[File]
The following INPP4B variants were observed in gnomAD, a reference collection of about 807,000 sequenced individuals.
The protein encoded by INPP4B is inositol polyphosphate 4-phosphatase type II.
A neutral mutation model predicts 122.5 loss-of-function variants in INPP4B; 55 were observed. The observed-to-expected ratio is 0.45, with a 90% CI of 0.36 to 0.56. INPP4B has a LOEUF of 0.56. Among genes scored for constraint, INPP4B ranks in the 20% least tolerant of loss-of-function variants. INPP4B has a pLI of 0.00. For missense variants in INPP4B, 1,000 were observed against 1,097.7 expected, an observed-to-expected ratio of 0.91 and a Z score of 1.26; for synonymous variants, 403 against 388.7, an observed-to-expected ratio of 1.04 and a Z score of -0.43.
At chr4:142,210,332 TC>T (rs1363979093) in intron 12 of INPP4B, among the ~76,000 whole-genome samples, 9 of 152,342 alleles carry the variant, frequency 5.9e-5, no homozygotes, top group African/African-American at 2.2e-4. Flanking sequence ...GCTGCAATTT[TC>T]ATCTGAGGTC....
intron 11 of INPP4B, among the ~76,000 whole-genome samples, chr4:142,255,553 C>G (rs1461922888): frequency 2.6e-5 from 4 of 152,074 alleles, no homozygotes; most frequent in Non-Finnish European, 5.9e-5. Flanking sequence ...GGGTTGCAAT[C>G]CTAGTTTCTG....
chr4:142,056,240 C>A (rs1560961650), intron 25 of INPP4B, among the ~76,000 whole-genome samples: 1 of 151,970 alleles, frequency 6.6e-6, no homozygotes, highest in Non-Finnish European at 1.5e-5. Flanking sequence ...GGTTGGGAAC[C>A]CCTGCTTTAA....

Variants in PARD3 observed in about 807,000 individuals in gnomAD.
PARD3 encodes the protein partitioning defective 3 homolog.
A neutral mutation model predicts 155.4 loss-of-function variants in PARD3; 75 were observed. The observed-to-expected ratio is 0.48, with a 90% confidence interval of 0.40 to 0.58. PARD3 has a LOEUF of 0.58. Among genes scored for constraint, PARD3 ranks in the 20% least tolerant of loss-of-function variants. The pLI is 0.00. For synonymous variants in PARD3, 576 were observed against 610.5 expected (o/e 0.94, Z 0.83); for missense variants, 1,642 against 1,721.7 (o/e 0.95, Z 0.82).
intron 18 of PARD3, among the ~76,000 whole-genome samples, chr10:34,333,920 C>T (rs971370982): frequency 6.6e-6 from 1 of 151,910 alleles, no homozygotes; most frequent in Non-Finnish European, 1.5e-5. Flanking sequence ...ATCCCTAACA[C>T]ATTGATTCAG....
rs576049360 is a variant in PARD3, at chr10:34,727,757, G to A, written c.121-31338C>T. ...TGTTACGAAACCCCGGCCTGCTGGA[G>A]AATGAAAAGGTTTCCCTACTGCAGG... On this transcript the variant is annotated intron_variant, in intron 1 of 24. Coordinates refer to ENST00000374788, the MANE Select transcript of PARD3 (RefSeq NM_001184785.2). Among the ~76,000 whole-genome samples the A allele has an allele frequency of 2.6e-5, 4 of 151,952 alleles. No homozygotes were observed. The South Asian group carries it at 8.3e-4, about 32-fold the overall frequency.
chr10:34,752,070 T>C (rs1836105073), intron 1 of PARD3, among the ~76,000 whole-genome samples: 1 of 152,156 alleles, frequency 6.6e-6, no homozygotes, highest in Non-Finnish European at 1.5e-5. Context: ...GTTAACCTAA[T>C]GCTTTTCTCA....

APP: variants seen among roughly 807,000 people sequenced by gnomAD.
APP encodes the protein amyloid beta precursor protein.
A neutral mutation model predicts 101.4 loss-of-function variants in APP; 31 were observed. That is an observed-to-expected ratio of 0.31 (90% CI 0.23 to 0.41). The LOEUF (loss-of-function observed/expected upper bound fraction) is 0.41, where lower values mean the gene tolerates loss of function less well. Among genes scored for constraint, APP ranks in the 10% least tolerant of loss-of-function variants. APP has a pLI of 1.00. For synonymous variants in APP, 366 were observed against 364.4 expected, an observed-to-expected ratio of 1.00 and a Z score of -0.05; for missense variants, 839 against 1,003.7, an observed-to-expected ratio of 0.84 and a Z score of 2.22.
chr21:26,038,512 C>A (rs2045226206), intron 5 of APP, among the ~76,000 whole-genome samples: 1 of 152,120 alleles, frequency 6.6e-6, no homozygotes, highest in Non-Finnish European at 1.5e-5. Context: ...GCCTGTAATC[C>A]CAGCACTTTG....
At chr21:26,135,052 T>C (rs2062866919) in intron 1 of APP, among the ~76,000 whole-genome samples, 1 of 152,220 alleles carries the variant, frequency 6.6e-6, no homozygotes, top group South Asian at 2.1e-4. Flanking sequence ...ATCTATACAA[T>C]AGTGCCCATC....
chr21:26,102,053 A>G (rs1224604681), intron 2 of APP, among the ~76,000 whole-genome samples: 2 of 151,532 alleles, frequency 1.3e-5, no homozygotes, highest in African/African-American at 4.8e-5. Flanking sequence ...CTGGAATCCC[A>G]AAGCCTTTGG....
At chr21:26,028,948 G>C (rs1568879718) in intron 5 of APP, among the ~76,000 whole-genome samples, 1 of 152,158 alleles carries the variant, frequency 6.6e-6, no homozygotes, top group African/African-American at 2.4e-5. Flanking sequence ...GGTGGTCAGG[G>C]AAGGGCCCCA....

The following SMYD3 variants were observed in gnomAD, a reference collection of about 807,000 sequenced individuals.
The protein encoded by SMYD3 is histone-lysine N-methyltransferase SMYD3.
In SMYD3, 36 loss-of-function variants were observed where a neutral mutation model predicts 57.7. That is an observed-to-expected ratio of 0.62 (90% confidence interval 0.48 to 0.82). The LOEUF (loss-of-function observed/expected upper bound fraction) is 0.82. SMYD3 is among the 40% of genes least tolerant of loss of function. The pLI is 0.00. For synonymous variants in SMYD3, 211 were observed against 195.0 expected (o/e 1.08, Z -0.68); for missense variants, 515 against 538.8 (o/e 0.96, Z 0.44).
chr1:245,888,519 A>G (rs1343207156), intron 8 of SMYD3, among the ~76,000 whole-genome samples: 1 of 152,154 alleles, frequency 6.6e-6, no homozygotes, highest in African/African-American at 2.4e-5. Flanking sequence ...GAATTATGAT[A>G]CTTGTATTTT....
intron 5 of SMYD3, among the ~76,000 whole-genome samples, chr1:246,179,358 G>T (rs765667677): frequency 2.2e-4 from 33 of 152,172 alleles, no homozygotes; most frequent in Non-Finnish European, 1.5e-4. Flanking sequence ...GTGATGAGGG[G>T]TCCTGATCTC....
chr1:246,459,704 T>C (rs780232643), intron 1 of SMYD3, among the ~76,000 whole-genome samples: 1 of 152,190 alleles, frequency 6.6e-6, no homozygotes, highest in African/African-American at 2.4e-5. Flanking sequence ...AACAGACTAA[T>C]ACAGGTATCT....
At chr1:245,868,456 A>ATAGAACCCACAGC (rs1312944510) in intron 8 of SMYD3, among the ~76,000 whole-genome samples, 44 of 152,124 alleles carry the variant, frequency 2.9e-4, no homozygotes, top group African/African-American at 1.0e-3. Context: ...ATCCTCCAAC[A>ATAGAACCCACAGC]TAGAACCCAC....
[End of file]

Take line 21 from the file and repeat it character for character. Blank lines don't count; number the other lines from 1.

The protein encoded by SMYD3 is histone-lysine N-methyltransferase SMYD3.